BRISBANE, Calif. and NICE, France, April 16, 2015 (GLOBE NEWSWIRE) -- CareDx, Inc. (Nasdaq:CDNA), a molecular diagnostics company focused on the development and commercialization of clinically differentiated, high value, non-invasive surveillance solutions for transplant recipients, today announced new evidence that the proportion of cell-free DNA (cfDNA) derived from the transplanted organ and found in the bloodstream of the recipient is correlated to the rejection status of the organ. Furthermore, this new biomarker (cfDNA) in combination with AlloMap®, the Company's molecular diagnostic surveillance solution, provides greater accuracy of identification of rejection in heart transplant recipients than either test alone.
The analyses of blood samples from a subset of patients from the multicenter Cardiac Allograft Rejection Gene expression Observational study II (CARGO II) heart transplant observational study represent the first time that researchers have measured both cfDNA and gene expression profiles (AlloMap) in blood samples taken from the same patients. Dr. Maria G. Crespo-Leiro, a cardiologist from Hospital Universitario A Coruna in Spain, presented the results today at the 35th Annual Meeting and Scientific Sessions of the International Society for Heart and Lung Transplantation (ISHLT) held in Nice, France.
"While we've known that AlloMap can be used to rule out rejection in selected patients, now we have evidence that cfDNA is a promising biomarker to further assess the likelihood of heart-transplant rejection. These two non-invasive blood tests are complementary to one another and promise to further increase our knowledge of the status of a transplant recipient," said Dr. Crespo-Leiro.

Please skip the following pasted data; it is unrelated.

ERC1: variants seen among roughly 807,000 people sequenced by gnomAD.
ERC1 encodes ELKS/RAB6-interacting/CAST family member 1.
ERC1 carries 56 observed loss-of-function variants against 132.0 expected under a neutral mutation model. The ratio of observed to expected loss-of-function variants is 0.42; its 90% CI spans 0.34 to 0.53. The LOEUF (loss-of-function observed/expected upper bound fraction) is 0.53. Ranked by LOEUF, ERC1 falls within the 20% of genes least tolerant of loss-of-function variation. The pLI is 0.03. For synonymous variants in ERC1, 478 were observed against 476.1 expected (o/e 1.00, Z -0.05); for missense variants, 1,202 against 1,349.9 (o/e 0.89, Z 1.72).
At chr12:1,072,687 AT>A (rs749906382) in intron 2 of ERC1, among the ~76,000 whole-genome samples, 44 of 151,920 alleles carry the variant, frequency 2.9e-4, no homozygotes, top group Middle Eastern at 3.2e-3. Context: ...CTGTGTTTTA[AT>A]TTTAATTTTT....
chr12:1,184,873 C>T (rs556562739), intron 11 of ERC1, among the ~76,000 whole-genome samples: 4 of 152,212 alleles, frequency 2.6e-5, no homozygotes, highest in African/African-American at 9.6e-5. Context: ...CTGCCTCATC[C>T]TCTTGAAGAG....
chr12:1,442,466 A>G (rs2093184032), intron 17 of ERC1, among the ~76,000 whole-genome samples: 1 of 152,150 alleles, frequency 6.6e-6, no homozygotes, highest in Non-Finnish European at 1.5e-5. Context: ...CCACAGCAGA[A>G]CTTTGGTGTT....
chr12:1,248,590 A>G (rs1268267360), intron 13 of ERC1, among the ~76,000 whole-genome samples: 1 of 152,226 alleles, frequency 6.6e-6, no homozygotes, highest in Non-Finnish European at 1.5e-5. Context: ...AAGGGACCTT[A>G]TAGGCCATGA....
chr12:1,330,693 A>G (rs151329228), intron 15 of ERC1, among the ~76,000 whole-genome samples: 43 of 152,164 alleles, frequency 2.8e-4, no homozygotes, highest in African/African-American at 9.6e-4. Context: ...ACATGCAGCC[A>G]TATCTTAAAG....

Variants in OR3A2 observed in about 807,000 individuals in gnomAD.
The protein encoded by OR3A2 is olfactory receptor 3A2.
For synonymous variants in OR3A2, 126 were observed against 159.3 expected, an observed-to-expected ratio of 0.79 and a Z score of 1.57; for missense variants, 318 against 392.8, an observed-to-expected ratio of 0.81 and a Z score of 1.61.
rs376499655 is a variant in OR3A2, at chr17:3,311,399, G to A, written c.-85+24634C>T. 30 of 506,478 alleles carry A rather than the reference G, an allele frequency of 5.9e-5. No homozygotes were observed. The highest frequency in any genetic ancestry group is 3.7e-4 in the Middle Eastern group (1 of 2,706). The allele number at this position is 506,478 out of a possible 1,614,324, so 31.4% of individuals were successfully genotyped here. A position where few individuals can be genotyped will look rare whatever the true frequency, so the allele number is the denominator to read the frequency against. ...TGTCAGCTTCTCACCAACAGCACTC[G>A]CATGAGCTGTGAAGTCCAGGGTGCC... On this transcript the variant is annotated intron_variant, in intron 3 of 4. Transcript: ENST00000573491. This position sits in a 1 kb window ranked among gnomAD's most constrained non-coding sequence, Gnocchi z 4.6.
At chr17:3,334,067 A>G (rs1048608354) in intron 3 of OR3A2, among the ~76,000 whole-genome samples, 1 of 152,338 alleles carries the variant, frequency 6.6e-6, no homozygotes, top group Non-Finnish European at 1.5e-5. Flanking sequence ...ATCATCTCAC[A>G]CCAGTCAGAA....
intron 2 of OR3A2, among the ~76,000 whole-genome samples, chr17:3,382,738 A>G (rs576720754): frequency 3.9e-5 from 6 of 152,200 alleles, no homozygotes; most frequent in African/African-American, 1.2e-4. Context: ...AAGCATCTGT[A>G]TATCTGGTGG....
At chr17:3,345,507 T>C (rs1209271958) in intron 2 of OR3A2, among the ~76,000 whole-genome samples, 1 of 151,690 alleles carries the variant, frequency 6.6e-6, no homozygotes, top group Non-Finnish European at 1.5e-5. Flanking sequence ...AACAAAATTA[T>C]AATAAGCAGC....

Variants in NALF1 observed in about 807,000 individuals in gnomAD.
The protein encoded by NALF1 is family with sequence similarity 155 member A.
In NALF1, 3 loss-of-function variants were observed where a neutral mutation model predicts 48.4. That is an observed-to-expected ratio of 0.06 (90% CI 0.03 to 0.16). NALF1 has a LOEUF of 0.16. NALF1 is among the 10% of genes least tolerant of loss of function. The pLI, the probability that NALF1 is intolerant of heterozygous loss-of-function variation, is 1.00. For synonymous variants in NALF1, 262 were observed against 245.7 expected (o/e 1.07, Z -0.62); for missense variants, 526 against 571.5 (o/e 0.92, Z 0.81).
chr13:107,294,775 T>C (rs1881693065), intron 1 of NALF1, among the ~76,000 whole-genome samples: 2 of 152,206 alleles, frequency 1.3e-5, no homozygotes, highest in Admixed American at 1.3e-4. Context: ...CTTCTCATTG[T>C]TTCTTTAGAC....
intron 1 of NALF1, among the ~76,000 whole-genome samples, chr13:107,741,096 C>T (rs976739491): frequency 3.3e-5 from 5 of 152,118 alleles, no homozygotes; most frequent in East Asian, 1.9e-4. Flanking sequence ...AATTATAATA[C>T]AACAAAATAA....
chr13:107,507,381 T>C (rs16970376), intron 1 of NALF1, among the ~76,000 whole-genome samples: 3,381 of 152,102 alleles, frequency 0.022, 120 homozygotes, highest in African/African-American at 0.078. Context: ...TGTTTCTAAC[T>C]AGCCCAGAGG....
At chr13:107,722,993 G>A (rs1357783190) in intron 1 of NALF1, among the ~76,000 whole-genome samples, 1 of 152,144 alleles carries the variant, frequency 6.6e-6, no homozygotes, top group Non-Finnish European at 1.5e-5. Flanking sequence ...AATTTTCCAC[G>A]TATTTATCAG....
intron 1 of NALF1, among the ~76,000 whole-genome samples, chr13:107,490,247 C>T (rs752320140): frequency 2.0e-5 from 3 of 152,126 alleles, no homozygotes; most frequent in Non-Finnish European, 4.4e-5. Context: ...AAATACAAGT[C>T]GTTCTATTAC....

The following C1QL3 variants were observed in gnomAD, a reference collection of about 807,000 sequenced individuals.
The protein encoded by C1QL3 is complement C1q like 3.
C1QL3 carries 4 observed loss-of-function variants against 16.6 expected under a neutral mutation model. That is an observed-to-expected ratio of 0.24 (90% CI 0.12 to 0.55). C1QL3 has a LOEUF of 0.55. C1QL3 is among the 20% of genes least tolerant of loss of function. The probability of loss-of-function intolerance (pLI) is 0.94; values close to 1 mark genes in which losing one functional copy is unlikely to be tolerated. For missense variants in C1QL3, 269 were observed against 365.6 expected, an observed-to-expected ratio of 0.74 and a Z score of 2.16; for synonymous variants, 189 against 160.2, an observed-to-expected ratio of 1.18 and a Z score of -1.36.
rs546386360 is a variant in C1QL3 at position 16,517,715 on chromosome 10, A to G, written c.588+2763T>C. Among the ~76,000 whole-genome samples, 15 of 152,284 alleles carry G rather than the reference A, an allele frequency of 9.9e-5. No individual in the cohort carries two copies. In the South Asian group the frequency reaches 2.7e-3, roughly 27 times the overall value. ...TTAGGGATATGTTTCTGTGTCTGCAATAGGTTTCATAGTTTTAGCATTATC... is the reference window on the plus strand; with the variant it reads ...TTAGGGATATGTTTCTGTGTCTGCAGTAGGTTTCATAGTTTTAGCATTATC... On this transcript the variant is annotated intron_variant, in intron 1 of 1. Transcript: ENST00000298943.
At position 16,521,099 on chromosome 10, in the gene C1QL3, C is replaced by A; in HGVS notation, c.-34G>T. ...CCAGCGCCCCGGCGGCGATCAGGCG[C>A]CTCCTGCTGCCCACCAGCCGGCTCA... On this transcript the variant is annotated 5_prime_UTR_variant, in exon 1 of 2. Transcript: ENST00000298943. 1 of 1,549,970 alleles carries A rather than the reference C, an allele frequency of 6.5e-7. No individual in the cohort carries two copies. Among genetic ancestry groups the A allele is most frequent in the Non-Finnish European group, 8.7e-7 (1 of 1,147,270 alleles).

Researchers found that the proportion of donor-derived cfDNA in blood was significantly higher (about 1.7 fold higher, P=0.017) in patients who had a biopsy-confirmed rejection compared to blood transplant recipients who did not have rejection at the time of blood sampling. The mean AlloMap score was on average 4 points higher in patients with biopsy-confirmed rejection than AlloMap scores in patients with no rejection (P=0.007).
The clinical performance of a combination of the two tests resulted in a 10 percent increase in overall accuracy compared to the performance of either of the tests alone.
James Yee, MD, PhD, Chief Medical Officer at CareDx said, "The clinical use of AlloMap has continued to grow since its recommendation for non-invasive monitoring of acute heart transplant rejection in the 2010 ISHLT evidence-based guidelines for patient care. The new results presented today are exciting because they show the promise that the management of patients may be further enhanced when information from cfDNA is added to the AlloMap score. cfDNA levels rise as a signal of damage to the cardiac cells whereas the AlloMap score reflects the relative activation of the recipient's immune system: these two signals provide complementary information that is helpful to more accurately estimate the risk of rejection at the time of testing. CareDx is sponsoring an ongoing study, named D-OAR, to further confirm the clinical performance of the cfDNA along with AlloMap."